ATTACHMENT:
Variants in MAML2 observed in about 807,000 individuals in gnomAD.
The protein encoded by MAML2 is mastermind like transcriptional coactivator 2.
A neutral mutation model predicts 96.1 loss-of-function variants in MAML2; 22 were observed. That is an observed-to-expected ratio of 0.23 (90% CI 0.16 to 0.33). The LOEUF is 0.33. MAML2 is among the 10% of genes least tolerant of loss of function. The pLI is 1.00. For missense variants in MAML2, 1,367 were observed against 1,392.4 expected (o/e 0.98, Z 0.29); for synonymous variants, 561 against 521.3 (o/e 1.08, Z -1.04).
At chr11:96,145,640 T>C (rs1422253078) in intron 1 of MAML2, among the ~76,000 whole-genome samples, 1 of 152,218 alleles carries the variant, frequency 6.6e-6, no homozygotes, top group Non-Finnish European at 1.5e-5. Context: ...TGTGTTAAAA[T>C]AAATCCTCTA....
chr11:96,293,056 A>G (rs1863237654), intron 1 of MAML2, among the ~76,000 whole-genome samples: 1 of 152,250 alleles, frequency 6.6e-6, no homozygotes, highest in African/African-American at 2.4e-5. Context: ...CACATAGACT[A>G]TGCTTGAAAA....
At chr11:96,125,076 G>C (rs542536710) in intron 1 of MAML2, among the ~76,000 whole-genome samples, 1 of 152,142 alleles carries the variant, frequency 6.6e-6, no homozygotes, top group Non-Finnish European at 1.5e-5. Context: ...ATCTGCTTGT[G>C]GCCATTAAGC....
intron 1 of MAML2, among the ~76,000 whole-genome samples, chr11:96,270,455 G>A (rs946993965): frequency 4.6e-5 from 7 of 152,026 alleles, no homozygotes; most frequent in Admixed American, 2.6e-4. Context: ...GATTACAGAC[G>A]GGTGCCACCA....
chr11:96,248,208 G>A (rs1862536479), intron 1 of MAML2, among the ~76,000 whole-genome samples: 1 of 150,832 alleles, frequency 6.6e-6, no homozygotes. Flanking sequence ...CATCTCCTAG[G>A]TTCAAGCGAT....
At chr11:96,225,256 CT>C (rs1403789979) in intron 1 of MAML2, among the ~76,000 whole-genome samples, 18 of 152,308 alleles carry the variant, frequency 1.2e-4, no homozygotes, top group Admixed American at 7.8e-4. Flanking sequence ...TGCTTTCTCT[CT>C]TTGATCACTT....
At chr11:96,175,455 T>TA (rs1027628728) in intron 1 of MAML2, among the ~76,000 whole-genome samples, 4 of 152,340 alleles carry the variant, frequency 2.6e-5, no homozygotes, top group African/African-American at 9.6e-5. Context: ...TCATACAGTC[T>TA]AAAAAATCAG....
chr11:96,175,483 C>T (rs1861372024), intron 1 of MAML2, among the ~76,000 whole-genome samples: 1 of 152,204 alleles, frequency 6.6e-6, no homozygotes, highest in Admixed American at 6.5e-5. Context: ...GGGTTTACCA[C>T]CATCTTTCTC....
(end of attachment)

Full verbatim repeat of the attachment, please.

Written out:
Variants in MAML2 observed in about 807,000 individuals in gnomAD.
The protein encoded by MAML2 is mastermind like transcriptional coactivator 2.
A neutral mutation model predicts 96.1 loss-of-function variants in MAML2; 22 were observed. That is an observed-to-expected ratio of 0.23 (90% CI 0.16 to 0.33). The LOEUF is 0.33. MAML2 is among the 10% of genes least tolerant of loss of function. The pLI is 1.00. For missense variants in MAML2, 1,367 were observed against 1,392.4 expected (o/e 0.98, Z 0.29); for synonymous variants, 561 against 521.3 (o/e 1.08, Z -1.04).
At chr11:96,145,640 T>C (rs1422253078) in intron 1 of MAML2, among the ~76,000 whole-genome samples, 1 of 152,218 alleles carries the variant, frequency 6.6e-6, no homozygotes, top group Non-Finnish European at 1.5e-5. Context: ...TGTGTTAAAA[T>C]AAATCCTCTA....
chr11:96,293,056 A>G (rs1863237654), intron 1 of MAML2, among the ~76,000 whole-genome samples: 1 of 152,250 alleles, frequency 6.6e-6, no homozygotes, highest in African/African-American at 2.4e-5. Context: ...CACATAGACT[A>G]TGCTTGAAAA....
At chr11:96,125,076 G>C (rs542536710) in intron 1 of MAML2, among the ~76,000 whole-genome samples, 1 of 152,142 alleles carries the variant, frequency 6.6e-6, no homozygotes, top group Non-Finnish European at 1.5e-5. Context: ...ATCTGCTTGT[G>C]GCCATTAAGC....
intron 1 of MAML2, among the ~76,000 whole-genome samples, chr11:96,270,455 G>A (rs946993965): frequency 4.6e-5 from 7 of 152,026 alleles, no homozygotes; most frequent in Admixed American, 2.6e-4. Context: ...GATTACAGAC[G>A]GGTGCCACCA....
chr11:96,248,208 G>A (rs1862536479), intron 1 of MAML2, among the ~76,000 whole-genome samples: 1 of 150,832 alleles, frequency 6.6e-6, no homozygotes. Flanking sequence ...CATCTCCTAG[G>A]TTCAAGCGAT....
At chr11:96,225,256 CT>C (rs1403789979) in intron 1 of MAML2, among the ~76,000 whole-genome samples, 18 of 152,308 alleles carry the variant, frequency 1.2e-4, no homozygotes, top group Admixed American at 7.8e-4. Flanking sequence ...TGCTTTCTCT[CT>C]TTGATCACTT....
At chr11:96,175,455 T>TA (rs1027628728) in intron 1 of MAML2, among the ~76,000 whole-genome samples, 4 of 152,340 alleles carry the variant, frequency 2.6e-5, no homozygotes, top group African/African-American at 9.6e-5. Context: ...TCATACAGTC[T>TA]AAAAAATCAG....
chr11:96,175,483 C>T (rs1861372024), intron 1 of MAML2, among the ~76,000 whole-genome samples: 1 of 152,204 alleles, frequency 6.6e-6, no homozygotes, highest in Admixed American at 6.5e-5. Context: ...GGGTTTACCA[C>T]CATCTTTCTC....